Passengers on the bus were shocked, screaming in horror as Li, 40, continued to stab the young man who at this point awoke to his violent death. Li continued to stab him between 40 to 60 times. The passengers were scrambling to get out of the bus which was stopped on the TC-Highway. It all happened within moments and amid all the chaos, some of the bus-goers still didn’t understand what was going on, but it soon sank in and the horror-stricken passengers by this point, were outside of the bus.  Some kept running, others puked, all were shocked at the brutality of the crime.

The bus driver, a passenger and a driver of a truck who had pulled over moments earlier, trapped Li inside the bus until the police came.

During this time, Li had already decapitated Tim. He then slowly walked up to the front of the bus, holding up the young man’s head in an attempt to show everyone outside the bus what he had done. He then waved the head at the shocked audience. At this point he was already in the front of the bus and stared coldly at the three men blocking the doorway, even slashing the butcher knife at them, but thankfully missing. But that didn’t stop the brave men from keeping him locked in the bus.

Police arrived after what felt like hours. A stand-off ensued for several hours but eventually, officer’s were able to contain and put the handcuffs on him.

Officers and their vehicles surround the Greyhound bus during the stand-off

Authorities at the crime scene after the horrific murder

Tim McLean and Vince Li did not know each other. The random attack appeared to be unprovoked. Police later found the ears belonging to the victim in the pockets of Li who is also believed to have consumed parts of his victim.

The Greyhound bus had made its last stop in Brandon, Manitoba on a long journey that originated in Edmonton, Alberta and headed for Winnipeg. The attack occurred approximately 12 miles west of Portage La Prairie, on a desolate plains stretch of the Trans Canada Highway. Men, women and children who witnessed the attack were in shock, crying, some becoming physically ill as they waited by the roadside for several hours while police tried to get Li to exit the bus. He was finally apprehended at 1:28 am after Li tried to break out of a bus window.

Canada.com:
“He didn’t do anything to provoke the guy. The guy just took a knife out and stabbed him, started stabbing him like crazy and cut his head off,” said Garnet Caton, 26, a passenger on the Edmonton to Winnipeg bus on the night of 07/30/08

BBC:
“He calmly walks up to the front [of the bus] with the head in his hand and the knife and just calmly stares at us and drops the head right in front of us,” Mr Caton said.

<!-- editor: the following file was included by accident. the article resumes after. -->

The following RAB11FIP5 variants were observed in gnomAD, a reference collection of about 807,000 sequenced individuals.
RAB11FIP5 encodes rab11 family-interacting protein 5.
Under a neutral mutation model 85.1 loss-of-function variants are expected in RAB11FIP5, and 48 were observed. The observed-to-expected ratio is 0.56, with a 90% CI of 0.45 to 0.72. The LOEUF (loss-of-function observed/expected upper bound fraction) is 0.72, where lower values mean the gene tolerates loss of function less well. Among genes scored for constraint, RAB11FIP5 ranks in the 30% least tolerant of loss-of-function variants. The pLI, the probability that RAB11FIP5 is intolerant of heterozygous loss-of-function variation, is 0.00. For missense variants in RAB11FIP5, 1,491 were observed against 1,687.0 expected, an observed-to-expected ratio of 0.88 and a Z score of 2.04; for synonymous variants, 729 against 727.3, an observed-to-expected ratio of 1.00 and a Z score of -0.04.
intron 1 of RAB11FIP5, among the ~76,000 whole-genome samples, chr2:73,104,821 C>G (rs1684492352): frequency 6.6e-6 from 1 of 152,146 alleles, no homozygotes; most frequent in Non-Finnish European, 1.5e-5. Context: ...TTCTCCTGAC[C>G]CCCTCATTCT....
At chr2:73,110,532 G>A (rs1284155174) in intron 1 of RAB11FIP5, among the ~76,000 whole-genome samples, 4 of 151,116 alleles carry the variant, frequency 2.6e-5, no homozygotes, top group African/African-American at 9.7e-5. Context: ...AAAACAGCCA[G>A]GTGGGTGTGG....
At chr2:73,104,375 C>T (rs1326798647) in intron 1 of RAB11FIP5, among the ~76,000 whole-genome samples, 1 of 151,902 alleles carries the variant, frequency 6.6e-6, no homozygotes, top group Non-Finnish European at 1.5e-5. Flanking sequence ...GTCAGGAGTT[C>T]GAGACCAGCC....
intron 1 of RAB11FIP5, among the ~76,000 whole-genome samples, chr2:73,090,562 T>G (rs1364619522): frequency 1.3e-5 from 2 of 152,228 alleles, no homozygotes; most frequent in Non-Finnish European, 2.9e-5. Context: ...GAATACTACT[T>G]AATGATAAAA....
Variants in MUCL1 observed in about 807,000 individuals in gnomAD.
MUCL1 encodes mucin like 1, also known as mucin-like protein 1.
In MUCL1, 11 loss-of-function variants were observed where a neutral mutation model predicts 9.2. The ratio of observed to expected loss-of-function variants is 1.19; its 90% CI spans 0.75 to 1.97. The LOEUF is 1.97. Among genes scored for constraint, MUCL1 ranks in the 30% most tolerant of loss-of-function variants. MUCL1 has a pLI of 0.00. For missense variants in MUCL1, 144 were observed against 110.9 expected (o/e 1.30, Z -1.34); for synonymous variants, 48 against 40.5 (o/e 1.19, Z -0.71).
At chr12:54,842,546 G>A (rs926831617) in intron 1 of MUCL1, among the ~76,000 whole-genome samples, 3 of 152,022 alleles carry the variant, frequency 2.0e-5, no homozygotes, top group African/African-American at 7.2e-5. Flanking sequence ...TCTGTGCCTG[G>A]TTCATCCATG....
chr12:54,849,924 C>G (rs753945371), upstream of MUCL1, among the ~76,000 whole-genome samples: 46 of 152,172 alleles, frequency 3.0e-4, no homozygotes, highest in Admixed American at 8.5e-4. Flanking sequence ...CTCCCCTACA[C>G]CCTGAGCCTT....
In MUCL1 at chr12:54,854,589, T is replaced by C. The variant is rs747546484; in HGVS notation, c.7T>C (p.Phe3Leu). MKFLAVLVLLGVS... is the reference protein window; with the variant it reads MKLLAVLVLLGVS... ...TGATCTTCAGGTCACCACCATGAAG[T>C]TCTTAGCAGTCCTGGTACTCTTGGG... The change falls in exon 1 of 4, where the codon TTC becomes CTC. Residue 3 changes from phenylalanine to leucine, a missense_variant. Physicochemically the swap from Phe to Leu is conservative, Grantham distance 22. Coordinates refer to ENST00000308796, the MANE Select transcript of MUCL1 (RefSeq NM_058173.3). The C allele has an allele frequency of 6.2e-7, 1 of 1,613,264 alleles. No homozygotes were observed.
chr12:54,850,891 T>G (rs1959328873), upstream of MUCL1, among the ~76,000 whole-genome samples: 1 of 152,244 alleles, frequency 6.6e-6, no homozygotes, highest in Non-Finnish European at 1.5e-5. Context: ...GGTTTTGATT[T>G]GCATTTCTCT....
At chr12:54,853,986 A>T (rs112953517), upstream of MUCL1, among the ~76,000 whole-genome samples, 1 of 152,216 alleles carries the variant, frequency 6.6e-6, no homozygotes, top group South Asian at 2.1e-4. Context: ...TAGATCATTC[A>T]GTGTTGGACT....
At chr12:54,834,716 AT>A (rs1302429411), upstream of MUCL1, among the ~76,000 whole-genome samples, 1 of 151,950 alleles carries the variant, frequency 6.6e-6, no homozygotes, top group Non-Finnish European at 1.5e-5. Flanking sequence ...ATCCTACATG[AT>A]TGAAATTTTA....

“There was no rage in him… It was just like he was a robot or something,” he added.

The attack appeared to be unprovoked and it is thought the killer did not know his victim.

The passengers, many of whom were badly shaken by what they witnessed, were taken to a hotel in Brandon, Manitoba, and were given crisis counselling.

Canton also indicated that right before the attack, Li had just changed seats to sit next to his victim. Tim McLean, who had boarded the bus in Edmonton, was a summer carnival worker for the past three years at Vancouver’s Pacific National Exhibition.

On Friday, a bruised and bandaged Li appeared in court in Portage La Prairie, where he was charged with second degree murder. Li said few words and nodded his head when Judge Rocky Pollack asked him if he was exercising his right not to speak. Pollack ordered a psychological evaluation of Li pending Li having the opportunity to speak to an attorney. Li worked for a MacDonald’s in Edmonton as well as delivering newspapers for a distribution firm. His delivery employer, Vincent Augert said,

“I believe he was having some marital problems.” When he met with Li to hire him back as a newspaper distributor, he said, “you could almost read between the lines” from the way Li was talking “that there was something not right there.”

Just as the bus was leaving Brandon, McLean sent a text message to his father, asking if he could come home for a night, Tim McLean, Sr., told CBS news. That was his last communication with his son.

Friends of McLean bonded together to grieve for a man described as a “sweet man,” a “ladies man,” a “bright and bubbly guy who was always out for fun.” One friend, who traveled with him had nicknamed McLean “Tiny Tim.”

I can’t imagine the terror that these passengers went through, having to witness this horrific event. Please leave a condolence message for the family of Tim McLean, here, whose bright life ended so tragically.